Upcycle Kitchen Trash Into Pretty Planters

plants growing from a white teapot

Kitchen trash can easily be turned to treasure with a few simple upcycling tricks, and getting into this habit can save money and prevent waste. Plus, with trends like thrift shopping on the rise, there is an easy way to get the thrifted look around your home without ever leaving your house. By taking your kitchen waste and turning it into pretty planters, you can go green in more ways than one.

To complete this simple, cheap DIY project, all you need is an open mind and an afternoon. Other helpful tools include scissors, a hammer or drill and a sponge or washcloth. Before you start planting, you'll also want to gather up your planting supplies like gloves, dirt, gravel, and fertilizer.

The Basics:

No matter what you’re using to upcycle into a planter, cleaning comes first. Plants won’t thrive in dirty cans or cartons, so give the intended receptacle a little soap and water bath in your sink. Don’t use any tough cleaning chemicals, which can leave traces in your planter and potentially harm the plant.

a plastic bottle planter

Planter Idea One: Can It

Old cans make great DIY planters. Start the transformation by making sure there are no dangerous, jagged edges. If there are, file them down to keep your hands safe while you plant, and your plant safe while it grows.

After you file down your can, consider poking holes for drainage in the bottom with a hammer and nails, or a drill. Drainage holes will improve your chances of keeping your plant alive. If you can’t poke drainage holes, fill the bottom third of your can with gravel or small stones to prevent root rot.

Before you plant in the metal can, decide if you’d like to decorate it. Peeling the label off the can will likely reveal a shiny silver surface ripe for the DIY taking. Use paint or other adhesive craft media to create a new look that will blend in with your current home decor. Because the outside of the can is likely to get wet from time to time, consider using a waterproof topcoat or a high-quality, water-resistant paint.

Planter Idea Two: Jarring

Most jars are made of plastic these days, which gives these cheap DIY planters a long shelf life. Clean carefully if you want to keep a vintage label in good shape. Sometimes that's the coolest part!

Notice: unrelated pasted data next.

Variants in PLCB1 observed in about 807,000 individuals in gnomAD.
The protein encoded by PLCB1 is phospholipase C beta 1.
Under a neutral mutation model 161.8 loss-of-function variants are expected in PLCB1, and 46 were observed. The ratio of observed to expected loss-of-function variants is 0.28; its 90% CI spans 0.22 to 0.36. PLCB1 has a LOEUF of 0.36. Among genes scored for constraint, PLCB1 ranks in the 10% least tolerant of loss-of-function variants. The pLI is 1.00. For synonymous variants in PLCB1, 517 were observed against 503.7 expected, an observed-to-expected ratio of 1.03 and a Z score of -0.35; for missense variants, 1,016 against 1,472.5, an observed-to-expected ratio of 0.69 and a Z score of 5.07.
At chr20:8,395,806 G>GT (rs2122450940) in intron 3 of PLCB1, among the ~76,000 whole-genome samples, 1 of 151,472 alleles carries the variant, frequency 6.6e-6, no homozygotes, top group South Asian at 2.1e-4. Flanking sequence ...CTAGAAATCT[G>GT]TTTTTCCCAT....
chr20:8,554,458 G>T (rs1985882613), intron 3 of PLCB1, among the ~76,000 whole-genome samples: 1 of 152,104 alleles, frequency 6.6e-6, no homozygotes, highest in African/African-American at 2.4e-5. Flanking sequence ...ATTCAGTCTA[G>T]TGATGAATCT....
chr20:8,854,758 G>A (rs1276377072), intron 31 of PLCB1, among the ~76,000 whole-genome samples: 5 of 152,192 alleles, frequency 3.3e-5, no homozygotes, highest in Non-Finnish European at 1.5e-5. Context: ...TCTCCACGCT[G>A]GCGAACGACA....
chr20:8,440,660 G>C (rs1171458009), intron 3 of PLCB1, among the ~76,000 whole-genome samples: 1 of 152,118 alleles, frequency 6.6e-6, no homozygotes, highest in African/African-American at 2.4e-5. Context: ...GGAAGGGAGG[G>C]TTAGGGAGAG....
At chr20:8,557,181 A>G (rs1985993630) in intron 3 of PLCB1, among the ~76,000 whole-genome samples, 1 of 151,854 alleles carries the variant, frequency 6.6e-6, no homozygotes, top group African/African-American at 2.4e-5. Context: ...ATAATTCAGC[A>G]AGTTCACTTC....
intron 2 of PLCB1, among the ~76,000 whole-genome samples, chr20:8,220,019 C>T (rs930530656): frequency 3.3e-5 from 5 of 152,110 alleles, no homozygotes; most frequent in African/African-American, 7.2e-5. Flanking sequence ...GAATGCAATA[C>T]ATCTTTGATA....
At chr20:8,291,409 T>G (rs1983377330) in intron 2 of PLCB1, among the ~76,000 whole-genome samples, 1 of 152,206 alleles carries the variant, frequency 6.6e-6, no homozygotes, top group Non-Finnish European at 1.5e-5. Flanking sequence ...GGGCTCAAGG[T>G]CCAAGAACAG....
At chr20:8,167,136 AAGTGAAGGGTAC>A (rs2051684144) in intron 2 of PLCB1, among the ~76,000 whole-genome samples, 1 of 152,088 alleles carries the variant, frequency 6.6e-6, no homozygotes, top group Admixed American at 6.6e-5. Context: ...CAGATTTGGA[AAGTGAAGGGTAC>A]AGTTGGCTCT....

It can be tricky to drill drainage holes in a glass jar, so use rocks at the bottom, even in a small jar, to keep your plant healthy and growing. If you don’t have pebbles on hand, be careful not to overwater your plants, which will cause root rot and wilting.

tea cup with plant

Planter Idea Three: Cup of Tea

Cups, glasses, teacups, and mugs all make great, innovative planters. Whether you’ve got grandma’s old china, a mug with a broken handle, or a cup with a cool pattern, all of these are just planters waiting to happen. Because cups are often more shallow than your typical planter, stick to shallow-rooted plants like succulents in these. If you have a matching saucer to accompany your teacup planter, you can use hot glue to secure the cup to the plate.

Regardless of whether or not you plant a cactus or succulent in your DIY cup planter, buying succulent soil is a good idea. This particular type of soil allows for better drainage and water absorption in a shallow container.

Planter Idea Four: Paper Products

Paper products don’t have to be wasteful. Disposable cups and bowls can be used as a first home for your plant before you transplant it to a more permanent residence. Especially if you are propagating succulents, used (and cleaned) paper products can be put to good use.

Fill the plate, cup, or bowl with dirt and lay your succulent pieces on the damp soil. Mist the pieces every few days with a generous amount of water and in three to four weeks, you will have new succulent buds ready to plant.

Paper is flimsy, of course, and eventually, the dirt and water will deteriorate the structural integrity of the product, so plan where to move your plants when that happens.

Turning trash to planter treasure doesn’t have to take all day. Once you have the supplies on hand, turning an old soup can or marmalade jar into a planter only requires a little creativity on your part. Next time you go to toss something in the trash, ask yourself if it would look great as a planter somewhere around your home. Before long, you can fill your spaces with eye-catching, air purifying, room-cooling flora!